NASHVILLE, Tenn.-On a Thursday afternoon in early May, the freshmen in Will Fuller's world geography class are describing their ideal country for their end-of-year presentations. The teens fidget and smile at each other as they take turns stepping to the front of the room to explain their utopian country's government structure, majority religion, welfare policies, and ways to fight crime. Each time a presentation ends, students ask tough questions.
The presentations are part of an in-depth project requiring critical thinking and broad application of the concepts the students have learned throughout the year. They reflect the demanding yet encouraging posters papering the walls of Fuller's classroom. (One lists the qualities of a Fulbright Scholar. Another tracks the students' college admission goals.)
The questions, the posters, the students' quiet conduct as they file out when the bell rings-that's what we might expect at an expensive private school. Yet LEAD Academy is located in a small, somewhat rundown brick building in Elizabeth Park, a Nashville neighborhood. Nearly 40 percent of the residents have incomes below the government's poverty line, and the number of single-mother households is more than triple the state average.
Fuller teaches at LEAD through Teach for America (TFA), the nonprofit organization that sends recent college graduates and young professionals to teach in low-income areas. But he said that over the past two years, he has dealt with few problems-violence, gangs, classroom control-typically associated with low-income schools: "I've been fortunate that I was placed in the charter school system where we're really set up for success." Across town, two of Fuller's fellow TFA recruits have very different tales to tell.
When walking onto the sprawling, state-of-the-art campus of Cane Ridge High School, one striking detail is how expensive everything looks. Another is how many police cars are out front.
Sophomore math teacher Angela Reuter said the school's $5 million price tag has done little to curb the problems inside its walls: "It's hard because people see this as a really nice school, and yet we have kids in gangs, kids walking around in ankle bracelets, police patrolling the hallways." Security tightened that day because of a fight that broke out the day before. Some of Reuter's students have "already cycled through"-meaning they had "cycled" their way from her class to jail and back again. Pregnancy and drugs, she said, are also common problems.
Though Reuter's students are only one grade ahead of Fuller's, their demeanor presents a stark contrast. No one responds to the questions Reuter poses until she prods them several times. She stops frequently to warn a loud group of boys. Toward the end of the lesson she discovers others had been listening to music through ear buds.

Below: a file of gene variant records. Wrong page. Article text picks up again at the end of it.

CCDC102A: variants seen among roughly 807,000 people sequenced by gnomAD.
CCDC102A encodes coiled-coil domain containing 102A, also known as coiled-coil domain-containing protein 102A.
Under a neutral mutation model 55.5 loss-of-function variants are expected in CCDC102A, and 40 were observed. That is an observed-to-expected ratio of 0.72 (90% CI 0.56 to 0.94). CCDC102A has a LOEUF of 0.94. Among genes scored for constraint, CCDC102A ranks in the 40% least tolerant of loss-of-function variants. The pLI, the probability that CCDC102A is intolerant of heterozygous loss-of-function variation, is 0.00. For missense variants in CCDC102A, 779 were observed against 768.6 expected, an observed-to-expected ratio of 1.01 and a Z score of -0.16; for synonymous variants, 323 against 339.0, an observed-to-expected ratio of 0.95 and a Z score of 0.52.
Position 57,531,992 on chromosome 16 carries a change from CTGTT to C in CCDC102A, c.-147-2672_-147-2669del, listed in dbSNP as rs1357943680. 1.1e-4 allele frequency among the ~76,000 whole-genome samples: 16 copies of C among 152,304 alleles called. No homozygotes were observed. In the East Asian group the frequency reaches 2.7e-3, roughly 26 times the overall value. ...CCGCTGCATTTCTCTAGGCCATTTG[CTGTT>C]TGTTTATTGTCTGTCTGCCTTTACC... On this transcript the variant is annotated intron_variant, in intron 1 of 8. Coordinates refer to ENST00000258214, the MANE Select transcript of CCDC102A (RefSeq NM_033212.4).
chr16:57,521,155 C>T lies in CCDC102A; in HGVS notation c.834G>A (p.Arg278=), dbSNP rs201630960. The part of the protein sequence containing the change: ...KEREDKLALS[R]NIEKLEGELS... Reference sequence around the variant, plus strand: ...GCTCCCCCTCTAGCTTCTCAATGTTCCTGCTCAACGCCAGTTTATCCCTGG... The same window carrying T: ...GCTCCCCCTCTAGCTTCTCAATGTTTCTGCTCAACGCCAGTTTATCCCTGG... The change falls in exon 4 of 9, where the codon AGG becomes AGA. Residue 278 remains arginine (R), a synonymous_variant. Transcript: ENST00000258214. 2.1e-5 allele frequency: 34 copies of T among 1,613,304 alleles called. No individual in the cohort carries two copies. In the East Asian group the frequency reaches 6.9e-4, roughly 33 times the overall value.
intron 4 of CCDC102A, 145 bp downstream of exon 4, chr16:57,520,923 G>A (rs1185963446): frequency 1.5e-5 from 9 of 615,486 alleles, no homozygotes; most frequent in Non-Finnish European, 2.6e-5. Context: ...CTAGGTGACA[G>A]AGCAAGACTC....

Michelle Wright, math teacher at Two Rivers Middle school, said even though her students are younger, she faces many of the same issues: Students tell her they will drop out and not attend high school. Already, many "apathetic" students are repeating grades. "They just get shuffled from one school to another," she said. "They'll have disciplinary problems and get expelled from one school and are then sent to our school for a couple of months until we expel them." The day I visited her classroom, the eighth-grade students were on lockdown because of a fight the previous day.
On the surface, the biggest difference between Fuller's experience with TFA and those of Reuter and Wright seems to be Fuller's charter school, which has more autonomy in terms of discipline and resource allocation. But all three said that's oversimplifying the problem-and taking the pressure off Christians to do the hard work Christ calls them to. The real difference they see is that the kids in the charter school have someone in their lives who loves them.
Fuller said up to 95 percent of his school's students qualify for free and reduced lunch based on their low income level. But students must apply to attend LEAD-a tremendous advantage LEAD has over other schools because it means that every student has at least one adult in his life who cared enough to enroll him in a charter school: "A lot of times, it's not even a parent. It's some other relative or family friend. But it is at least someone."
Compare that experience to Reuter's: Most of her students' families have no interest in hearing from the school. Or to Wright's: She describes a track meet that "was a pretty big event because the team had gone from district to regional to finally the city, and it was the last competition of the year. Out of 14 kids, only one had a parent show up. And this was something that they'd worked for the entire season."
Still, Fuller, Wright, and Reuter said working for TFA provided them an open field for evangelism.